No obligation on employee to provide entire employment history
We’ve all heard of situations where employees have inflated their qualifications or employment experiences to obtain the job. But what happens if an employee deliberately leaves out part of their employment history?
The job advert for Mr Findley’s role stated “previous experience of providing security services in a residential, commercial and/or university environment would be a distinct advantage.” In response, Mr Findley referred to his previous employment history with Chubb Security and Wilson Security. The employer alleged Mr Findley had engaged in misconduct by having “deliberately made misrepresentations, omissions and/or false statements in relation to his previous employment for the purpose of obtaining employment.” This is because Mr Findley did not mention his employment with Diamond Protection, another security company.
In the decision, the Federal Circuit Court held that an employee answering a generic question about their previous work experience was not obligated to provide reference to every work experience the employees had and, more importantly, the failure to disclose a period of employment did not amount to dishonesty by omission.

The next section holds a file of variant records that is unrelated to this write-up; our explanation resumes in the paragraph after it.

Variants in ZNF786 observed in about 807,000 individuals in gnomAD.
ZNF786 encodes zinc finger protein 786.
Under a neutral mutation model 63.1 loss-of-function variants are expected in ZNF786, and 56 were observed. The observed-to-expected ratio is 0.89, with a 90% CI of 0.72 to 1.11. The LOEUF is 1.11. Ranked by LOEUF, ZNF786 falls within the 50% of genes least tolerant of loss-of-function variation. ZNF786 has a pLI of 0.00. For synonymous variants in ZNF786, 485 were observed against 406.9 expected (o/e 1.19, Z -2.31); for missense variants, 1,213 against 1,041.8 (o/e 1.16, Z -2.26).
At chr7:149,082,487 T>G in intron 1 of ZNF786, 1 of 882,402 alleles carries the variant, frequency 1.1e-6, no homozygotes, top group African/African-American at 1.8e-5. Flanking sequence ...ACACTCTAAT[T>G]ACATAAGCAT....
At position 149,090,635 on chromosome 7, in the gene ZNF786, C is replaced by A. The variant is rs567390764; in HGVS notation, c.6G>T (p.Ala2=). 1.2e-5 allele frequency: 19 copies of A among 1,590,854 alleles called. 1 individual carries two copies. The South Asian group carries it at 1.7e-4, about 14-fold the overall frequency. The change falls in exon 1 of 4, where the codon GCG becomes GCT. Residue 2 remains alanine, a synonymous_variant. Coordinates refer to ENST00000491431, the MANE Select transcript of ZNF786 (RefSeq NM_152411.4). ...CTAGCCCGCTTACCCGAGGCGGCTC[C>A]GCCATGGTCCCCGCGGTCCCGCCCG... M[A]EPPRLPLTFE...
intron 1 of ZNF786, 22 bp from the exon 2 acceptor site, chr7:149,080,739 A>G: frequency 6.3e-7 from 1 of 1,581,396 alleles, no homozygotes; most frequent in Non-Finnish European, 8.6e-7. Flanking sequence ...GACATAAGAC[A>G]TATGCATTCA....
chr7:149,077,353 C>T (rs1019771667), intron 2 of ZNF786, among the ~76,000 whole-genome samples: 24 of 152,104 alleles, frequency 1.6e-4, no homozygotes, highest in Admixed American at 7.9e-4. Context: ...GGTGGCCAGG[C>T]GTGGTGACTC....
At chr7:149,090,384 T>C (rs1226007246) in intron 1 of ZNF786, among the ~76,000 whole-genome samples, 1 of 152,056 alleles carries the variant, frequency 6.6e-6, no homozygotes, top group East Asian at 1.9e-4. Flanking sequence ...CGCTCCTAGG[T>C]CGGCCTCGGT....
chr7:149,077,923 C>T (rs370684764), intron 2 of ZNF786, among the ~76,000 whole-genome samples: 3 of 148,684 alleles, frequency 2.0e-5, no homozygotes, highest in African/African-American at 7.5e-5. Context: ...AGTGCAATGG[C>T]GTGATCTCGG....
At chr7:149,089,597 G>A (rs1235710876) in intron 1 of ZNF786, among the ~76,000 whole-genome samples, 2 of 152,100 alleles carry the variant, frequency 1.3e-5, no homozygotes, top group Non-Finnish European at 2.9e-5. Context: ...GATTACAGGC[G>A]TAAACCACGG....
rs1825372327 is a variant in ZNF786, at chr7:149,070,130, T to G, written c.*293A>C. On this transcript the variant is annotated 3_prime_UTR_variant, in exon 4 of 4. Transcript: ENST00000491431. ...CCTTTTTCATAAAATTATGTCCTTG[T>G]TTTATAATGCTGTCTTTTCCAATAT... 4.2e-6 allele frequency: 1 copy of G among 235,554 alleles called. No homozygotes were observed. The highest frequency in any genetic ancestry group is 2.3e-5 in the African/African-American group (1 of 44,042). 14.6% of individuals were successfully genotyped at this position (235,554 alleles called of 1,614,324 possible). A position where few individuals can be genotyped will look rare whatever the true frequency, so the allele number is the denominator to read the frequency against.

Having said that, the judge noted that had the question asked of the employee been worded differently (for example, have you previously been employed by any security business and if yes provide details?), dismissal may be justified if a false answer was provided and the falsity was material to the employment.
The case is a reminder for employers to be specific in the information requested in employment application forms and other pre-employment documentation.
We therefore recommend employers alter existing employment application forms to specifically require the job applicant to fully disclose all past work experience in the relevant industry. This would ensure that omissions could be used to justify a disciplinary process should an employer subsequently discover an omission.
If you would like to know more about this case, please contact National Workplace Lawyers on (02) 9233 3989.
National Workplace Lawyers
Note — this is for information purposes only and does not purport to be comprehensive or to render legal advice.24 November 2017 back to news feed | back to top